Now three years later, I am close to achieving our launch day goal. I am very pleased with the reception that the book has had worldwide. In addition, a Chinese publisher approached me last wanting to translate and market the book in China. It has been available for sale there since May. This year, a revised edition for African leaders will be published.
Reflecting back on the experience, Whether by choice or poor executive, the book began small, was marketed for local connections, was shared globally, and if there was a long view, I would have probably never followed through on solving the problem of our initial approach. In other words, I live by reference points of this guiding principle.
Starting small provides the room to learn, to change, and to figure out what works today, rather than depending on what worked in the past still succeeding. Small doesn’t mean you don’t want big success. After all, I do want to inspire and equip one percent of the world’s population to become persons of impact. Obviously, you don’t start with a billion. You start with one, then three, then 50, and on and on.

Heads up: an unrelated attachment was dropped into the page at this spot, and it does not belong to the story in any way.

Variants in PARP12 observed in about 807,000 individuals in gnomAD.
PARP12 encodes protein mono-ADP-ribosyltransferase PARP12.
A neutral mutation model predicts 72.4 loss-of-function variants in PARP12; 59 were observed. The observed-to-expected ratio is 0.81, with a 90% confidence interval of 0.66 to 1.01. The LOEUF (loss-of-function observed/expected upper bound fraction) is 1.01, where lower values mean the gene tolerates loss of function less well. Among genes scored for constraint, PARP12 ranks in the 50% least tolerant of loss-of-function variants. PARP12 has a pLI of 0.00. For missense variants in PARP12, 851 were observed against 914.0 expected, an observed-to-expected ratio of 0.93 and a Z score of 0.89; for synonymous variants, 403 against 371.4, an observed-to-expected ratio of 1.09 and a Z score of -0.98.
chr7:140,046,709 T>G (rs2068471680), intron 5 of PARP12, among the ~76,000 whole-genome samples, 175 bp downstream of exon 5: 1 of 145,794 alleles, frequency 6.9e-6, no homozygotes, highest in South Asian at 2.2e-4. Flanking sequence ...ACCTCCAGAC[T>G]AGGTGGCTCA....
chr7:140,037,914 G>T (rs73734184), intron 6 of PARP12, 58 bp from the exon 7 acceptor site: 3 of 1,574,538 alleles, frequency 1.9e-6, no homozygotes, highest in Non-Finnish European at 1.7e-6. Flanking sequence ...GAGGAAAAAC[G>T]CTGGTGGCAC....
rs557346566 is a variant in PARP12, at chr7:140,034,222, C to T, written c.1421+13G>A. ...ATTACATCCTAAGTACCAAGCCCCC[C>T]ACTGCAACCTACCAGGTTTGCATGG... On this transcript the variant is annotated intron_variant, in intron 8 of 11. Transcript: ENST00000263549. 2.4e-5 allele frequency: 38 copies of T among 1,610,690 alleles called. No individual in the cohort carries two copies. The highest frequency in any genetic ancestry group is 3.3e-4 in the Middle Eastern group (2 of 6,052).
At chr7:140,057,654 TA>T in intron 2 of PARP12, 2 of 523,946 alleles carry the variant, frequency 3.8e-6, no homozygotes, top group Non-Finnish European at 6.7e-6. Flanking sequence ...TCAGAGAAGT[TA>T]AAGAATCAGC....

As I am writing the follow-up book to Circle of Impact, I am daily thinking about how to build momentum in the public’s expectations for the book’s release. More about that in a future post.
During the book tour, it was very evident that connecting the book to local needs was essential in its future success. For every event, I would apply the Circle of Impact model to the questions, stories, and problems that people described to me.
I realized that people live in two worlds. There is the social media world that is very much a Matrix-like simulation where there is really nothing that we do that has much of an impact. Clicking subscribe or like doesn’t change much of anything. I am speaking tangible change. Change that you can see, touch, feel, and recognize.
This is why acting local matters so much. You can see a direct effect of your actions. This is what impact is. A direct change that makes a difference that matters. Talking to people about their lives, their work, and their communities convinced me that local is where we find our true selves because our lives actually matter there.
One of the reasons that I created the Global Impact Network is for connecting people on a global scale who can share their stories and approaches to solving local problems.